Our final foray into travel hell came the day of our competition at Heusden-Zolder. At about 3:00 PM, I was taking my pre-race nap when Julian knocked on my door to ask what time we’d go to pick up the rental car. Our race was around 10 PM that evening, so I said we’d go around 5, grab a bite in Antwerp, then make the drive over to Heusden. I’d checked online, and it’d be about a 45 minute walk/bus ride to get to the station where we could pick up our car. Fortunately, before he left, Julian asked when the rental place closed. I looked it up. 4 PM. Crap. We threw our stuff (both spikes this time) in our bags and sprinted to the bus stop just in time to catch the 3:12 bus— our last chance to make it as Europcar’s last customers for the day. To be fair, we probably could have made it to the meet without the car, as a bus runs to Heusden-Zolder, but after our race we’d have either been stranded at the track or sleeping on a friend’s floor in a nearby city. Not exactly the best way to go into the race. Luckily, we got the car, returned it with no damages, and all was well.

I guess I played a risky game that night as well, as our AirBnB in Edegem expired that evening and I had nowhere to stay the next day, but our host, Patrick (his place was awesome) let me stay the next day, and that worked out fine too.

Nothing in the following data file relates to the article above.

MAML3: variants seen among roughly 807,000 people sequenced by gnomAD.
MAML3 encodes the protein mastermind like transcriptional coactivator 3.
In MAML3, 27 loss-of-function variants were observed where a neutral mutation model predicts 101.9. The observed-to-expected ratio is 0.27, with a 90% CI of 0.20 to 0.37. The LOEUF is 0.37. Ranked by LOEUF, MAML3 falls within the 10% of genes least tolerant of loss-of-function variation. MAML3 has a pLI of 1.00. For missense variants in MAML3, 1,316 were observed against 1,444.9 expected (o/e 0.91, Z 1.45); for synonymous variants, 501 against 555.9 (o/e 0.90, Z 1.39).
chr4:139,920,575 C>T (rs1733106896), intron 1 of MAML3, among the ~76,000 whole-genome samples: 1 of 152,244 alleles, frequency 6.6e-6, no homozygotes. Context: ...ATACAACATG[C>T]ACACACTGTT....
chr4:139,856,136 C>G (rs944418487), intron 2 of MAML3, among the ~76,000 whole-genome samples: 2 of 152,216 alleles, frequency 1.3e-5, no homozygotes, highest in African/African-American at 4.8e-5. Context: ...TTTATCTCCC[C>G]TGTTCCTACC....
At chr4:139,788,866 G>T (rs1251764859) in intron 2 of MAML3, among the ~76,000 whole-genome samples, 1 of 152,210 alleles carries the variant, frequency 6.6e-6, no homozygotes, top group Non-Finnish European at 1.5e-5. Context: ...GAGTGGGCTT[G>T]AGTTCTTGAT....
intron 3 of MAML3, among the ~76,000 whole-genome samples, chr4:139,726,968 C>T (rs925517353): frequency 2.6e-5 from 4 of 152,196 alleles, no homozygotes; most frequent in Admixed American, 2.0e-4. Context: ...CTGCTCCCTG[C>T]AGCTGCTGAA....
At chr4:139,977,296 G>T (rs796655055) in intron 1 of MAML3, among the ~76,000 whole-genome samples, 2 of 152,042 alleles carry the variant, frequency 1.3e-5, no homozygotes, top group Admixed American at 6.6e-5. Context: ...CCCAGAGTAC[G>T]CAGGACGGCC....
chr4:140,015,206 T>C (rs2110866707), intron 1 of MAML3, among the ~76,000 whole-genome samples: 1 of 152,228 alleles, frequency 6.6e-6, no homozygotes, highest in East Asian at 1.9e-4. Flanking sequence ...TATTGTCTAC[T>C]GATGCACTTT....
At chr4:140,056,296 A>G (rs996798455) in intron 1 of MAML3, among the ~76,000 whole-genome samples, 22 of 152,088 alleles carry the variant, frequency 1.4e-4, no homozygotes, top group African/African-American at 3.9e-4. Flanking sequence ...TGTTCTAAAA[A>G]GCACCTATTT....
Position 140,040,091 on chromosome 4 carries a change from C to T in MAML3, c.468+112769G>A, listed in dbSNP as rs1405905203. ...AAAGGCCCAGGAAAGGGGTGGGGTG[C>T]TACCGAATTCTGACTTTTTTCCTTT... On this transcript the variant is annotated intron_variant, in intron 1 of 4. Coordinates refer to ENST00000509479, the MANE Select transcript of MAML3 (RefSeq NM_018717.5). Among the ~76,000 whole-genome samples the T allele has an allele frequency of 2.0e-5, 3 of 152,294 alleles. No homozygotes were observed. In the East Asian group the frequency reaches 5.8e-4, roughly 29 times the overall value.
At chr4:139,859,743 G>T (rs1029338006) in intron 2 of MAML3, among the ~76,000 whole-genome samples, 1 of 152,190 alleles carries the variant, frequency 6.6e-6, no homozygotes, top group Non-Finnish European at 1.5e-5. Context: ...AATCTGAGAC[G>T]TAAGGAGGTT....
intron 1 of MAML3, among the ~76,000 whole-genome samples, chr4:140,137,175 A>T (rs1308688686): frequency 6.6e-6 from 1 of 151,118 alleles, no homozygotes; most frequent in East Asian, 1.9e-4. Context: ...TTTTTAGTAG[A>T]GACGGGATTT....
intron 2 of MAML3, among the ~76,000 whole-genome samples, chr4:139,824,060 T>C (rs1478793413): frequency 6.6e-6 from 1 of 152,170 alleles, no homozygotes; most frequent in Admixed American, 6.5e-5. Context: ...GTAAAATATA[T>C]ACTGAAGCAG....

The Races

On July 22, Julian and I both contested the 5k in the C heat of the KBC Nacht van de Atletiek (Night of Athletics). With PBs of 13:55 and 13:53, respectively, going into the race, he and I hoped to improve our marks in a traditionally quality field. We’d looked up some of our competitors beforehand, and the heat sheets promised at least 5 other sub 14 guys, so we knew to expect a high quality race.

Unfortunately, it rained a good bit before and during our competition, and in the thousand meters after the pacer dropped out (he went 2k at 66s), we slowed to 3k in 8:22, with everyone up front looking at each other, waiting for someone else to take the lead. At 3200, knowing I didn’t come out to Heusden to run slow, I took the lead and dropped the pace a bit. I definitely hadn’t planned on leading 1000m out there, but after coming through 2 miles so slow, I knew it’d be my only chance at a PR.